We need to transform our nation or die trying
SHOOTING STRAIGHT - Bobit S. Avila (The Philippine Star) - January 13, 2016 - 9:00am

AKITA, Japan: We’re in Akita, the northernmost tip of the Island of Honshu, where we took the Shinkansen (bullet train) from Tokyo Station hurling at 360 kph in what was then a technological wonder in Japan in the early sixties. Today, the Shinkansen is a major part of Japan’s railway system that works with a Swiss watch clockwork precision. In one of Japan’s latest technology, I was served a braised beef tongue with rice on a cardboard box, where all you need is to pull a string and voila! Five minutes later, your food is steaming hot! All this without lighting a fire to cook it on your lap!

How could the Japanese people achieve such technology? 71 years after hundreds of US B-29 Superfortress bombers firebombed and flattened Tokyo killing more than 100,000 people, rendering millions maimed and millions more homeless?

While the scars of war apparently have been erased (perhaps not from the memories of the old folks who lived through that kind of hell) or disappeared from the Japanese landscape, it just makes you think that Japan, the loser of World War II has somehow managed and emerged to bounce back in just a short 71 years and looked like they won that war.

Contrast this to the Philippines, where Manila was destroyed when US Forces took it from the Japanese occupiers and Cebu City (yes, we just launched the World War II coffee table book War in Cebu) was 90 percent destroyed by American bombs, although the Japanese soldiers opted to fight the American Division from the mountain fastness of Babag Ridge.

During the Shinkansen trip to Akita… I could see that the further we are from Tokyo; the quality of their infrastructure remained the same. If the train has to pass a mountain, they bore a tunnel instead. So four hours away from Tokyo, we are in what you would call Rural Japan. Yet, you do not see any signs of poverty, simply because the Japanese government built its infrastructure with the same passion and quality like they do in major cities like Tokyo/Yokohama or in Osaka/Kobe. This is what we call inclusivity!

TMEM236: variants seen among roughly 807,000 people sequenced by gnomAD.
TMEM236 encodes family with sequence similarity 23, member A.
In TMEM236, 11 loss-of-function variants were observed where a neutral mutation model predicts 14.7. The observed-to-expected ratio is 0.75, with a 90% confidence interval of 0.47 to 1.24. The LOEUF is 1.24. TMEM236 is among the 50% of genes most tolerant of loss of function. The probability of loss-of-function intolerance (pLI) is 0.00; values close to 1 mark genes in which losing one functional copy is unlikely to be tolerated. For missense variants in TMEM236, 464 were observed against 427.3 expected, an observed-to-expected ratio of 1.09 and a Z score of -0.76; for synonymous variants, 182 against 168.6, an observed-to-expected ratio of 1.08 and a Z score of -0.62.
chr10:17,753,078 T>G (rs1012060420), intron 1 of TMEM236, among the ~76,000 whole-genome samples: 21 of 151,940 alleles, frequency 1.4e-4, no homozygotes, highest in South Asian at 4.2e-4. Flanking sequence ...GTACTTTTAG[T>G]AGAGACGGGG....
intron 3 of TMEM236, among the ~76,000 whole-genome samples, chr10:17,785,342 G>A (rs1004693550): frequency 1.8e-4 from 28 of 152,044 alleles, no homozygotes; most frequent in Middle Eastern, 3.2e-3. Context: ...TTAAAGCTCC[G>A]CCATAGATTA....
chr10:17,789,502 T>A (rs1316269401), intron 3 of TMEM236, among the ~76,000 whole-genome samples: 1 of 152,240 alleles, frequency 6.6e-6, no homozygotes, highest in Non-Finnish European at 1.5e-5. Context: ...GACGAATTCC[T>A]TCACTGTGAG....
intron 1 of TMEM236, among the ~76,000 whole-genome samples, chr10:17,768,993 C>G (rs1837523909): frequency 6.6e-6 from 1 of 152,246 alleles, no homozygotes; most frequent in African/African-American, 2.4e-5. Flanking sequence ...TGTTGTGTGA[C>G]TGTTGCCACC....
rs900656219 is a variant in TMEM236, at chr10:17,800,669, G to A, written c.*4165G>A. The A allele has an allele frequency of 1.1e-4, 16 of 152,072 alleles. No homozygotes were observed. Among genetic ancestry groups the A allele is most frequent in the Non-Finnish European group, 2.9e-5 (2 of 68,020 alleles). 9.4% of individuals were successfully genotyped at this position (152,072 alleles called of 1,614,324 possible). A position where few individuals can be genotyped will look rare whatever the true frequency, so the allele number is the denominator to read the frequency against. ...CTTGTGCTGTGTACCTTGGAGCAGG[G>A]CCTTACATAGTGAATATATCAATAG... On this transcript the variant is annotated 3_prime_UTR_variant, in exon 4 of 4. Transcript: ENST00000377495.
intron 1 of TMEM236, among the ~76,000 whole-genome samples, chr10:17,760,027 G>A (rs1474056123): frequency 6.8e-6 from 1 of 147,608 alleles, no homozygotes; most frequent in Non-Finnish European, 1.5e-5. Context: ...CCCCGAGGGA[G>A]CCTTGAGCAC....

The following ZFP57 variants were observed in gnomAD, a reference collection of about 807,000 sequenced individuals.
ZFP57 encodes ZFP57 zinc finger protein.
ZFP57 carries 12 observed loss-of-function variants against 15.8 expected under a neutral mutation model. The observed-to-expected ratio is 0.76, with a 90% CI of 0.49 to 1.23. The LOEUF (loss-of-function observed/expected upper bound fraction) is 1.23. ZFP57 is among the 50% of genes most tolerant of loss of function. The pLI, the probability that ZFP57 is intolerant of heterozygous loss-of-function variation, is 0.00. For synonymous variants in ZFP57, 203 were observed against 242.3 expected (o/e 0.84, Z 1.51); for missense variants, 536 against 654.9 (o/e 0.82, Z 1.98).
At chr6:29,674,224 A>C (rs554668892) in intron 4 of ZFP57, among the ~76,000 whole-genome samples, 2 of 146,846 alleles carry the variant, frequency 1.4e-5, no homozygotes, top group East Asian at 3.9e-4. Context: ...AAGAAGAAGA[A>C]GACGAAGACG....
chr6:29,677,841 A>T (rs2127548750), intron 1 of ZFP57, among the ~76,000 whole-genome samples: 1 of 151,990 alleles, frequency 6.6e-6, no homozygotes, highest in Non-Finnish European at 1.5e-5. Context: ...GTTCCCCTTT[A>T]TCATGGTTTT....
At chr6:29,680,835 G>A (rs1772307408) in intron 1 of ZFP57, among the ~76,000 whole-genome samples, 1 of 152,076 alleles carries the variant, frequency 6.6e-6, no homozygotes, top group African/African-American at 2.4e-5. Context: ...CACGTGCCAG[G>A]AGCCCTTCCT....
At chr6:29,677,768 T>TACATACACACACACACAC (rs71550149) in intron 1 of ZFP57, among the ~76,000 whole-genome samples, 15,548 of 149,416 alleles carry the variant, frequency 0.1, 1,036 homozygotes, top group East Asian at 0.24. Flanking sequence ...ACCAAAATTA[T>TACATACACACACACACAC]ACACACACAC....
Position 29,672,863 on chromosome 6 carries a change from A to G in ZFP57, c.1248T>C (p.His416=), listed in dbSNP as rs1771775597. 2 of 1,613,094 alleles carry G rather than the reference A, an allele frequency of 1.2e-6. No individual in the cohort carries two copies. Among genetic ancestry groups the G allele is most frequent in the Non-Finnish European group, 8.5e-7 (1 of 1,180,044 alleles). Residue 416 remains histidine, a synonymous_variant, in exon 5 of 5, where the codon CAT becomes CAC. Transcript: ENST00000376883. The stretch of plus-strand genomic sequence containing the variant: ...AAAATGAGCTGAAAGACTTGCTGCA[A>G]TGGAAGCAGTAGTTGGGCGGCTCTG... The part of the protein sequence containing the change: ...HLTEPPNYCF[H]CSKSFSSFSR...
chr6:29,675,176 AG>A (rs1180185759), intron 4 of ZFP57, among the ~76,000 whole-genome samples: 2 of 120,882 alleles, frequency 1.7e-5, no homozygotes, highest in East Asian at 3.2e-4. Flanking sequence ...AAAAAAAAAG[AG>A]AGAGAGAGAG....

When the Haneda International Airport was already beyond capacity, the Japanese built the Narita International Airport, which is an hour’s ride to downtown Tokyo. Perhaps this should be the question that each Filipino ought to ask himself. If Japan recovered from the ravages of war and transformed itself from its former warlike stigma into a major world power, there must be something that they do in Japan that is worthwhile copying.

There is no doubt that the Japanese International Cooperation Agency (JICA) has supported many infrastructure projects in the Philippines, but still we are so technologically far behind Japan, there is no hope of us of catching up unless we do something drastic or even revolutionary. Hey, Japan rebuilt itself in 71 years using their people’s talent and ingenuity and it is all there for us to see and yes – copy! Yet even just to copy the best things that they have in Japan, we have failed miserably doing it!

Thanks to our people who seem to be very comfortable with the status quo, especially those corrupt politicians who want to keep Filipinos poor and uneducated so that they can maintain their stranglehold control over the lives (and tax money) of the people many of whom end up in diaspora working abroad in order to have a better life! We need to transform our nation into something better, or like Japan, or die trying!

Yes, many Filipinos are visiting Japan these days because our economy may have improved through all these years. However we are still woefully lacking in infrastructure development especially outside Metro Manila or Metro Cebu. Bogo City is a short 100 kilometers away north of Cebu City. But if the Japanese government was in charge of developing Cebu, Bogo City would only be a mere 40-minute freeway drive or a 30-minute train ride away. Doing this would declog

Cebu City of squatters like stick like leeches making our urban city ugly. I dare say that the time to change is now!!

Perhaps the best thing I noticed in this visit to Japan is the lack of security guards in all establishments in Tokyo or in Osaka for that matter. In the Philippines, everywhere you go, you will see a security guard, even in our Restaurants, Banks, Department stores, shopping malls and yes even our Churches. I dare you go to any hotel lobby in Cebu or Manila and as your car goes in the driveway, a security guard stops you for that baggage check without taking a peek whether you have a bomb inside your bag or not.

Indeed, hiring of security guards has become part and parcel of our daily lives… perhaps because many Filipinos with less education are comfortable doing this job. But in Japan where salaries and wages are high, they just can’t afford to hire security guards to do nothing but guard your door. Yes almost all stores or shops that you enter have a Closed-Circuit TV and for sure, Japanese Swat teams are always on full alert for any untoward incidents that could occur. Japan is truly a very safe and secure nation!

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For email responses to this article, write to vsbobita@mo-pzcom.com or vsbobita@gmail.com. His columns can be accessed through www.philstar.com.

ACIRC AKITA AMERICAN DIVISION BABAG RIDGE BOGO CITY CEBU CEBU CITY JAPAN JAPANESE QUOT WORLD WAR
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